After a hideous fungus was elected president of the United States today I decided it would be a good time to do a special post on various fungi I’ve seen lately.
First up, here’s the most familiar looking fungus of them all, a fly agaric.
As the red colour suggests it wouldn’t be very pleasant to eat. It would be unlikely to kill you but could give you severe stomach cramps and is hallucinogenic.
Here’s my favourite recent fungi finds because of how impressive it looks. These are common puffballs.
These are young fungi- puffballs start off this shiny white and gradually become a brown colour over time. They have distinctive apical pores, the holes on the top which are where they ‘puff’ out their spores, hence the name.
This one is a poorer picture but that’s often the nature of fungi. I like how they grow in quiet, dark and damp places where most people wouldn’t even notice them. Now I’ve got into looking at fungi I’ve started to get used to the sort of places they are likely to be growing in. This is a shaggy parasol (Chlorophyllum rhacodes).
This edible fungus was reclassified in 2003. Given it’s similar appearance it was thought to be related to the Parasol but thanks to DNA Analysis it was moved to a completely different genus, Chlorophyllum.
This next one is a bracket fungus, a member of the Coriolaceae family. I suspect it’s a Red-belted bracket but I’m not confident on that identification.
Brackets grow on trees rather than sprout out of the ground and their spores develop underneath. I found this in a small local memorial park on a dead tree which goes to show you can find fungi anywhere.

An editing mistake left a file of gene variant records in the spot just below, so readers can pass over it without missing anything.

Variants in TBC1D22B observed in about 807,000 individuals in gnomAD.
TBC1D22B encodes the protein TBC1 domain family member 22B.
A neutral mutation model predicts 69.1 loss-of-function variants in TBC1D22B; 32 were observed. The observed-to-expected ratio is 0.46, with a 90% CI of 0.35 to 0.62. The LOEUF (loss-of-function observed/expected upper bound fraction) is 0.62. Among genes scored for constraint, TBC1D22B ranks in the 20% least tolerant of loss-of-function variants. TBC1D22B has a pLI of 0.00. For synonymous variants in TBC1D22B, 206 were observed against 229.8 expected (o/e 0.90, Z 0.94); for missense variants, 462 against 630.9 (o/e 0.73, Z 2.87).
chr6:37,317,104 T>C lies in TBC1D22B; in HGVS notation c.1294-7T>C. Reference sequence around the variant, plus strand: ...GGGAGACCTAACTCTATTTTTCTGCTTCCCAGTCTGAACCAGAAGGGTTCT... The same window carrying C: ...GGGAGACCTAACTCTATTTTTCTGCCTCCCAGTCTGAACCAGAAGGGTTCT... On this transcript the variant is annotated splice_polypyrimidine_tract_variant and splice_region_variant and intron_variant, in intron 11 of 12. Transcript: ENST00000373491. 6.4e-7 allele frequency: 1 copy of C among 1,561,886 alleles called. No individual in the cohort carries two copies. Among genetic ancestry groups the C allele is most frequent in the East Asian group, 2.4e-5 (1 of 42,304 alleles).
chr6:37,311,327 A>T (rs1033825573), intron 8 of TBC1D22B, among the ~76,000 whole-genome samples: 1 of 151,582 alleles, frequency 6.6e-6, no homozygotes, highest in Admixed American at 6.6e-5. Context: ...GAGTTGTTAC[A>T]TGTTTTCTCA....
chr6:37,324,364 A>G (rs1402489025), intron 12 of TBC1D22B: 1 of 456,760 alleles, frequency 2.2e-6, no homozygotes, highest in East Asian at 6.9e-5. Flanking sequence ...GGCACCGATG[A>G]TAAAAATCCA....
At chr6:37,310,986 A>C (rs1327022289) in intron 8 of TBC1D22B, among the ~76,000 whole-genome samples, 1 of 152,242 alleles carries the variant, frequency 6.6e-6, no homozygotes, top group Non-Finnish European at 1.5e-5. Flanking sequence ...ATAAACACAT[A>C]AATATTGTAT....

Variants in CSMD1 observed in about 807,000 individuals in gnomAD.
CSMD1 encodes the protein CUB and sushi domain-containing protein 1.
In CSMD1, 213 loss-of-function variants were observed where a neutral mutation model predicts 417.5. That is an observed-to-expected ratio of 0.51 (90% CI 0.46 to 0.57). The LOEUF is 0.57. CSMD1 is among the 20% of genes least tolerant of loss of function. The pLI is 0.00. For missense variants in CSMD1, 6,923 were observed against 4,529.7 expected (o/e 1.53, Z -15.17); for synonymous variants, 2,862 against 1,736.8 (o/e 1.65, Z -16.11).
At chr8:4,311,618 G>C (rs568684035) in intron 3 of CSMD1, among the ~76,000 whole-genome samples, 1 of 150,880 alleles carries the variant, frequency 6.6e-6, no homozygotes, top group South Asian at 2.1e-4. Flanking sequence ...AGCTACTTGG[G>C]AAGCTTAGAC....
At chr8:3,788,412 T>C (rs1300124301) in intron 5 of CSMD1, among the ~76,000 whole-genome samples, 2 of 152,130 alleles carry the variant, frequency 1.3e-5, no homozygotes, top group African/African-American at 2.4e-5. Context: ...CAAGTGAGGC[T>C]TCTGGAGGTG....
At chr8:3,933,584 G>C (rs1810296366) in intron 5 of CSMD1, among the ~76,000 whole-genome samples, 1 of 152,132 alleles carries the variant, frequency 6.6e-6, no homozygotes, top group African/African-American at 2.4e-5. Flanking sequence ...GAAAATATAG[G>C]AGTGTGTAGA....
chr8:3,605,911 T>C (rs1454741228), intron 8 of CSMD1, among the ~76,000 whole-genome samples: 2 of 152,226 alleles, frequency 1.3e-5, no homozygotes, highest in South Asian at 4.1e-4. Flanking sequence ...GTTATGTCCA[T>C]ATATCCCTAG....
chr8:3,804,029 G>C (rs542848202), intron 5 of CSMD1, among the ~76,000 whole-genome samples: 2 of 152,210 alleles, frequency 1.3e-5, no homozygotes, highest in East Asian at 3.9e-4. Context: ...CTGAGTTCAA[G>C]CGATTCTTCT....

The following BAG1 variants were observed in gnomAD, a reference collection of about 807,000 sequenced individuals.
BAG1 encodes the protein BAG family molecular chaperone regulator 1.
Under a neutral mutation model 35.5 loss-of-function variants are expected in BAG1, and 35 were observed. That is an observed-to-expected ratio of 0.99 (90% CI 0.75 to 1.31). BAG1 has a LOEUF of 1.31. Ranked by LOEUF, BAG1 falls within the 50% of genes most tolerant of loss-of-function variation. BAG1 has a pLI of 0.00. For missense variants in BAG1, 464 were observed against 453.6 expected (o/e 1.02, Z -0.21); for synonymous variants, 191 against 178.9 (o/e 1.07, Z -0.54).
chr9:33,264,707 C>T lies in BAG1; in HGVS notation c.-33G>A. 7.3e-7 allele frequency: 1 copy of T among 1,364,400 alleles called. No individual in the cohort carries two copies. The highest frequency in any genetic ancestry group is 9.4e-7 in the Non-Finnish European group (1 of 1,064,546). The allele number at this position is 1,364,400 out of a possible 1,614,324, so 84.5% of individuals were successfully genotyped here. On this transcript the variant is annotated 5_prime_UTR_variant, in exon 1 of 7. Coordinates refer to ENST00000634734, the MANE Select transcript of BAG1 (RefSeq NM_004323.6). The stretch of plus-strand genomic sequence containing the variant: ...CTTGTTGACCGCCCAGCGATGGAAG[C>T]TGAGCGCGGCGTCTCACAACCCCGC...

A slightly more confident ID, although only slightly, are these little fungi in amongst leaf litter which I have concluded are probably milky bonnets. We tend to think of fungi as fairly sizeable but actually the majority are tiny- you can see how small these ones are compared to the oak leaves.
Another intriguing thing about fungi is that they are so hard to identify. I just bought an excellent book (Collins Complete Guide to British Mushrooms & Toadstools) which is fantastic but even with that I have still seen plenty that I can’t identify. What on Earth are these?
I shall conclude today with a few favorite fungi that I’ve shared here before.
This is the fantastic sulphur tuft which appeared in the garden. It doesn’t look as great as this now as it has blackened significantly.
This is a Shaggy Inkcap, a stunning fungus which I found right next to the path at Blashford Lakes.
Here’s a really vivid coloured bracket fungus, a beefsteak fungus. It’s called that because it looks like beef and is sometimes used as a beef substitute.
And finally my favourite fungus I’ve seen so far, the brilliantly named chicken of the woods.